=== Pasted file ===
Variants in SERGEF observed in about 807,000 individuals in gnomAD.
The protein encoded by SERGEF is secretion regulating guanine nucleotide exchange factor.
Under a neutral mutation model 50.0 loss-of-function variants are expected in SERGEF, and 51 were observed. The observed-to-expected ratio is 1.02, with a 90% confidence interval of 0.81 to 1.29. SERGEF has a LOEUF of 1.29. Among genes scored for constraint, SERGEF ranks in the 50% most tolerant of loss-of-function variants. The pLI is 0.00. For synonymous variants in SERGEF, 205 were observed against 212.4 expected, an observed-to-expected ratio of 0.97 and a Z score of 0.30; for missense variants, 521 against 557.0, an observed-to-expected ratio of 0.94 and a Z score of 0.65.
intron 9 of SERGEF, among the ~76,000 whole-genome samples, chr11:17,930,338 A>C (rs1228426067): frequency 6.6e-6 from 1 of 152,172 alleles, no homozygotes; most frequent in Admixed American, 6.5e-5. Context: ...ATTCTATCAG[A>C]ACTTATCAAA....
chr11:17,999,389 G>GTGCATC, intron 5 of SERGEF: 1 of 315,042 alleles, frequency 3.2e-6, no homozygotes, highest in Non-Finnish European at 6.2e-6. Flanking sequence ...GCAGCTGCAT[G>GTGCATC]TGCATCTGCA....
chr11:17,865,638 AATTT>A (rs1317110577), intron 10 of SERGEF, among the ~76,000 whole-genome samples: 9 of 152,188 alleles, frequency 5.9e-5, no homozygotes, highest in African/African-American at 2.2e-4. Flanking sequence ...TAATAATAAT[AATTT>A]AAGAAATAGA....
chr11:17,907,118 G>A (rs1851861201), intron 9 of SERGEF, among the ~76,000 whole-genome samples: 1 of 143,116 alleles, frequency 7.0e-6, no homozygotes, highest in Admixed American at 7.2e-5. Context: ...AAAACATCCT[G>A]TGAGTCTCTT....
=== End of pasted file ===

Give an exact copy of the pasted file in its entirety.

Variants in SERGEF observed in about 807,000 individuals in gnomAD.
The protein encoded by SERGEF is secretion regulating guanine nucleotide exchange factor.
Under a neutral mutation model 50.0 loss-of-function variants are expected in SERGEF, and 51 were observed. The observed-to-expected ratio is 1.02, with a 90% confidence interval of 0.81 to 1.29. SERGEF has a LOEUF of 1.29. Among genes scored for constraint, SERGEF ranks in the 50% most tolerant of loss-of-function variants. The pLI is 0.00. For synonymous variants in SERGEF, 205 were observed against 212.4 expected, an observed-to-expected ratio of 0.97 and a Z score of 0.30; for missense variants, 521 against 557.0, an observed-to-expected ratio of 0.94 and a Z score of 0.65.
intron 9 of SERGEF, among the ~76,000 whole-genome samples, chr11:17,930,338 A>C (rs1228426067): frequency 6.6e-6 from 1 of 152,172 alleles, no homozygotes; most frequent in Admixed American, 6.5e-5. Context: ...ATTCTATCAG[A>C]ACTTATCAAA....
chr11:17,999,389 G>GTGCATC, intron 5 of SERGEF: 1 of 315,042 alleles, frequency 3.2e-6, no homozygotes, highest in Non-Finnish European at 6.2e-6. Flanking sequence ...GCAGCTGCAT[G>GTGCATC]TGCATCTGCA....
chr11:17,865,638 AATTT>A (rs1317110577), intron 10 of SERGEF, among the ~76,000 whole-genome samples: 9 of 152,188 alleles, frequency 5.9e-5, no homozygotes, highest in African/African-American at 2.2e-4. Flanking sequence ...TAATAATAAT[AATTT>A]AAGAAATAGA....
chr11:17,907,118 G>A (rs1851861201), intron 9 of SERGEF, among the ~76,000 whole-genome samples: 1 of 143,116 alleles, frequency 7.0e-6, no homozygotes, highest in Admixed American at 7.2e-5. Context: ...AAAACATCCT[G>A]TGAGTCTCTT....